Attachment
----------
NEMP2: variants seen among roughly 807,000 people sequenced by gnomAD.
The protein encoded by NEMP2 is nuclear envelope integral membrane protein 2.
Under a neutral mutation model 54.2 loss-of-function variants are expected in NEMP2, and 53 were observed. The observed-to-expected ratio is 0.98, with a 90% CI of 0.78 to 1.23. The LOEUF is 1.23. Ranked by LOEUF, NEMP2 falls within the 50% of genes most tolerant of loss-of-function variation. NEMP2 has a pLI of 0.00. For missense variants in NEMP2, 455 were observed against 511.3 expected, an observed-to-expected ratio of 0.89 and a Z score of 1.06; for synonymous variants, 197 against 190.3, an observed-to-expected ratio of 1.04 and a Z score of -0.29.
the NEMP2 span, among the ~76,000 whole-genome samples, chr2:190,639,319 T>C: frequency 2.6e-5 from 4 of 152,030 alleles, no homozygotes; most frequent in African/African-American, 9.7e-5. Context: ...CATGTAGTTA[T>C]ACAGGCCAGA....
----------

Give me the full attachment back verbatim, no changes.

NEMP2: variants seen among roughly 807,000 people sequenced by gnomAD.
The protein encoded by NEMP2 is nuclear envelope integral membrane protein 2.
Under a neutral mutation model 54.2 loss-of-function variants are expected in NEMP2, and 53 were observed. The observed-to-expected ratio is 0.98, with a 90% CI of 0.78 to 1.23. The LOEUF is 1.23. Ranked by LOEUF, NEMP2 falls within the 50% of genes most tolerant of loss-of-function variation. NEMP2 has a pLI of 0.00. For missense variants in NEMP2, 455 were observed against 511.3 expected, an observed-to-expected ratio of 0.89 and a Z score of 1.06; for synonymous variants, 197 against 190.3, an observed-to-expected ratio of 1.04 and a Z score of -0.29.
the NEMP2 span, among the ~76,000 whole-genome samples, chr2:190,639,319 T>C: frequency 2.6e-5 from 4 of 152,030 alleles, no homozygotes; most frequent in African/African-American, 9.7e-5. Context: ...CATGTAGTTA[T>C]ACAGGCCAGA....